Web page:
7. Mrs. Witelegg • What are the 6 P’s of Acute Limb Ischemia • Pain • Palor • Polar/poikilothermia • Paraesthesia • Paralysis • Pulselessness Acute Limb Ischemia

  8. Mrs. Witelegg • Classify Acute Limb Ischemia. In which category is Mrs. Witelegg? Acute Limb Ischemia

  9. Mrs. Witelegg • Your working diagnosis is acute limb ischemia. • You order CBC, electrolytes, BUN, Cr, PTT/INR (all of which comes back normal), type and cross-match blood, and a saline infusion is started. • CXR is unremarkable • ECG is as follows: Acute Limb Ischemia

  10. Mrs. Witelegg • Before you call the vascular surgeon on-call, what test can you do at the bed side that can objectively assess acute limb ischemia? • Ankle Brachial index • Measure brachial pressure (example 160 mmHg) • Measure ankle pressure (example: 80 mmHg) • Divide ankle by brachial pressure (exmple 80/160 = 0.5; anything <0.9 is abnormal) Acute Limb Ischemia

  11. Mrs. Witelegg • What is the most likely etiology of ALI in Mrs. Witelegg? • Cardiogenic embolism • What in her history and physical supports this diagnosis? • Lack of atherosclerotic risk factors • no previous claudication (she walked her dog 2 km/day) • Irregularly irregular pulse • Completely normal left extremity pulses • Based on her physical examination, what is the highest point of obstruction of arterial flow? • R ileo-femoral region • How long can a limb be without blood flow before irreversible tissue damage ensues? • 4-6 hrs Acute Limb Ischemia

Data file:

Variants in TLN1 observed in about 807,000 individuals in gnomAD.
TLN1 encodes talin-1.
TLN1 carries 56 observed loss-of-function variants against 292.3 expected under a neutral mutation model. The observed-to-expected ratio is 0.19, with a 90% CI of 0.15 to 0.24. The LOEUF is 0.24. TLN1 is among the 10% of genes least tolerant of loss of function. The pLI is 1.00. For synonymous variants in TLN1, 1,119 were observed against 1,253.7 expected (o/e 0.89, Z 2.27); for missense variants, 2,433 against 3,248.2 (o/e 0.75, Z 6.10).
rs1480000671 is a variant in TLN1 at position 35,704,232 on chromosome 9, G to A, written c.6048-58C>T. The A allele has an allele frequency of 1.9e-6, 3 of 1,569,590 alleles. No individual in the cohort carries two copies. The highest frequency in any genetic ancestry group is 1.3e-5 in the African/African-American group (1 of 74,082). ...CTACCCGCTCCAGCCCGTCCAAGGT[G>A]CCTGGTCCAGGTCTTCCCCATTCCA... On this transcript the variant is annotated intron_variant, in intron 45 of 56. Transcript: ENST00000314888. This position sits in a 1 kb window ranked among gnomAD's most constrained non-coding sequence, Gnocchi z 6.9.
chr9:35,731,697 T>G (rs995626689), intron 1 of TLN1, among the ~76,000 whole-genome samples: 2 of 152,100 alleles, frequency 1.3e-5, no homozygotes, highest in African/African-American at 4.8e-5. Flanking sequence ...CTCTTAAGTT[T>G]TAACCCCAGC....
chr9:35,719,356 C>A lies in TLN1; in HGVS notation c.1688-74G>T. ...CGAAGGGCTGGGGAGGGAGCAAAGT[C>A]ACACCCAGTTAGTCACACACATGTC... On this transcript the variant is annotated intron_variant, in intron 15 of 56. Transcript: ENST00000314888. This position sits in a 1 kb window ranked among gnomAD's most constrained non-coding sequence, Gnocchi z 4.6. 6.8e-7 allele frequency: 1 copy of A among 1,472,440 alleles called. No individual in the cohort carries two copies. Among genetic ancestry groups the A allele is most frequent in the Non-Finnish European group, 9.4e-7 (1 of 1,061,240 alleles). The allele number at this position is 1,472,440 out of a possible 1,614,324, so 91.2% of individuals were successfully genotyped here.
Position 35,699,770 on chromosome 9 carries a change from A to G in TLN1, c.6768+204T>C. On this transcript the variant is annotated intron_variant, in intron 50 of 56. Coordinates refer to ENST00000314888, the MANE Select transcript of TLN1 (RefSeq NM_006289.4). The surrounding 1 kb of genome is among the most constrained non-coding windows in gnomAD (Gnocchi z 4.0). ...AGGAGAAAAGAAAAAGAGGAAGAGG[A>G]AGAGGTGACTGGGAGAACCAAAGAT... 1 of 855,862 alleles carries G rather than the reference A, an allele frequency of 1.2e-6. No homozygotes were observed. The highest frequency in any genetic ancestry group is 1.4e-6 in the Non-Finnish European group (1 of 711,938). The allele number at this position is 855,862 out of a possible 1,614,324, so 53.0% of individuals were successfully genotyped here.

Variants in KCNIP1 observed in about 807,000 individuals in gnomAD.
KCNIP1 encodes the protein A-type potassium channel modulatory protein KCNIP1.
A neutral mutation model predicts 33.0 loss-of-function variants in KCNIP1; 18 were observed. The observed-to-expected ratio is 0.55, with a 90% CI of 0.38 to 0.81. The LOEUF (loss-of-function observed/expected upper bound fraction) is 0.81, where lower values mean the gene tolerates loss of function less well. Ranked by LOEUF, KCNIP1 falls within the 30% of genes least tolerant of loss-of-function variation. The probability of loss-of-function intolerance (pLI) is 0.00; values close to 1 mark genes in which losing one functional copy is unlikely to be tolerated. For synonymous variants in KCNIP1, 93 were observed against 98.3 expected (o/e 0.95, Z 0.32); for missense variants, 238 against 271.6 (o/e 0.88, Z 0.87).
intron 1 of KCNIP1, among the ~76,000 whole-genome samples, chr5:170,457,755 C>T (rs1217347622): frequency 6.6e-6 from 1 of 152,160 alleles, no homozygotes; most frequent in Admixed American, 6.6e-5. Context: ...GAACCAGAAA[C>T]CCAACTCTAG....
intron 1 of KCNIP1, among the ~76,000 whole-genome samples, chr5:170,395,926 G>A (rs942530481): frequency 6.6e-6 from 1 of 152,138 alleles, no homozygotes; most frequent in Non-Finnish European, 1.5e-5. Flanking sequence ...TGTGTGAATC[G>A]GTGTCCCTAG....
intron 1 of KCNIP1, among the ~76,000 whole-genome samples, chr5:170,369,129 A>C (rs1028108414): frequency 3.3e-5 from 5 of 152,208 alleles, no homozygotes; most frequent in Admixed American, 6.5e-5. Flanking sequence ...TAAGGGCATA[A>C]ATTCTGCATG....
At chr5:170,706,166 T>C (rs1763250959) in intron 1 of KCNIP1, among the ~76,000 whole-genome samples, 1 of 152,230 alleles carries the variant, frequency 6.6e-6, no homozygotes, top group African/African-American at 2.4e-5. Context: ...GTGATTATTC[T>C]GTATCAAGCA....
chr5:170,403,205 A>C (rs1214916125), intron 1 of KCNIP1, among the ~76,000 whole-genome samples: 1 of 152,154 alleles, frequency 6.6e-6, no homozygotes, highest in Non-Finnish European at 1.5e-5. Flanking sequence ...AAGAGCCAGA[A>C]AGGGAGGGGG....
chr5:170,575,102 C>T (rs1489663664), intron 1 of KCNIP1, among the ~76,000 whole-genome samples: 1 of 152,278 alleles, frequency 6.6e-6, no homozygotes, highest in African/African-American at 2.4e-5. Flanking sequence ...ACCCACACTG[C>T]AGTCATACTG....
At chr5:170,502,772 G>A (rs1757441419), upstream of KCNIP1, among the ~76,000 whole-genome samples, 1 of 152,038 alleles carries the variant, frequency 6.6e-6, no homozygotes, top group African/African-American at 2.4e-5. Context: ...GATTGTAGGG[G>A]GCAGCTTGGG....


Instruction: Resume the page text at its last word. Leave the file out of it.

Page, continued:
12. Mrs. Witelegg • What is the surgical management of this condition? • R femoral embolectomy • Can we proceed to the OR without any imaging studies? If not what studies can be perfomed? • Because of the classic history and physical findings, and because of the presence of class 2b ischemia, immediate surgery is indicated without delay for imaging. • Angiography can be performed in certain conditions of ALI • when the suspected etiology is arterial thrombosis (i.e. in preparation for bypass surgery) • when the patient has class 1 or 2a ischemia Acute Limb Ischemia